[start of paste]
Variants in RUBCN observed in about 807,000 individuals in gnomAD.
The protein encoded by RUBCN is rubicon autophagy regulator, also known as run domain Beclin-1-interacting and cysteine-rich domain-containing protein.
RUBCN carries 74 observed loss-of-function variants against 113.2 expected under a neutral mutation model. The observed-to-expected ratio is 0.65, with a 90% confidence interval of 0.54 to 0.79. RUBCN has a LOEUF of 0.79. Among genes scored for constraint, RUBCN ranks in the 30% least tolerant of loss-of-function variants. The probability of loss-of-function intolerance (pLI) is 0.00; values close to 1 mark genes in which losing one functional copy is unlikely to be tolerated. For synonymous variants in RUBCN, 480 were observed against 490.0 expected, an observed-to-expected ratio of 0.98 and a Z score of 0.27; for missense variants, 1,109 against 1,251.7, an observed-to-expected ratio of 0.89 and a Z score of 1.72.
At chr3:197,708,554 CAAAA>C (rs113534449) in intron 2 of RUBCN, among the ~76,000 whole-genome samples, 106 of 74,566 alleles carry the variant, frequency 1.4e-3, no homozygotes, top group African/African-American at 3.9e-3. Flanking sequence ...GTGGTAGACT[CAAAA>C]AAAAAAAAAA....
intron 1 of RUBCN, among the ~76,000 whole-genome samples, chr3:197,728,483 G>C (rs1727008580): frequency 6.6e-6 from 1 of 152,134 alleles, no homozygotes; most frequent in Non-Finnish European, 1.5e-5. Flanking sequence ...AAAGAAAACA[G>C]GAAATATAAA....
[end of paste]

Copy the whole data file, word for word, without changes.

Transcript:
Variants in RUBCN observed in about 807,000 individuals in gnomAD.
The protein encoded by RUBCN is rubicon autophagy regulator, also known as run domain Beclin-1-interacting and cysteine-rich domain-containing protein.
RUBCN carries 74 observed loss-of-function variants against 113.2 expected under a neutral mutation model. The observed-to-expected ratio is 0.65, with a 90% confidence interval of 0.54 to 0.79. RUBCN has a LOEUF of 0.79. Among genes scored for constraint, RUBCN ranks in the 30% least tolerant of loss-of-function variants. The probability of loss-of-function intolerance (pLI) is 0.00; values close to 1 mark genes in which losing one functional copy is unlikely to be tolerated. For synonymous variants in RUBCN, 480 were observed against 490.0 expected, an observed-to-expected ratio of 0.98 and a Z score of 0.27; for missense variants, 1,109 against 1,251.7, an observed-to-expected ratio of 0.89 and a Z score of 1.72.
At chr3:197,708,554 CAAAA>C (rs113534449) in intron 2 of RUBCN, among the ~76,000 whole-genome samples, 106 of 74,566 alleles carry the variant, frequency 1.4e-3, no homozygotes, top group African/African-American at 3.9e-3. Flanking sequence ...GTGGTAGACT[CAAAA>C]AAAAAAAAAA....
intron 1 of RUBCN, among the ~76,000 whole-genome samples, chr3:197,728,483 G>C (rs1727008580): frequency 6.6e-6 from 1 of 152,134 alleles, no homozygotes; most frequent in Non-Finnish European, 1.5e-5. Flanking sequence ...AAAGAAAACA[G>C]GAAATATAAA....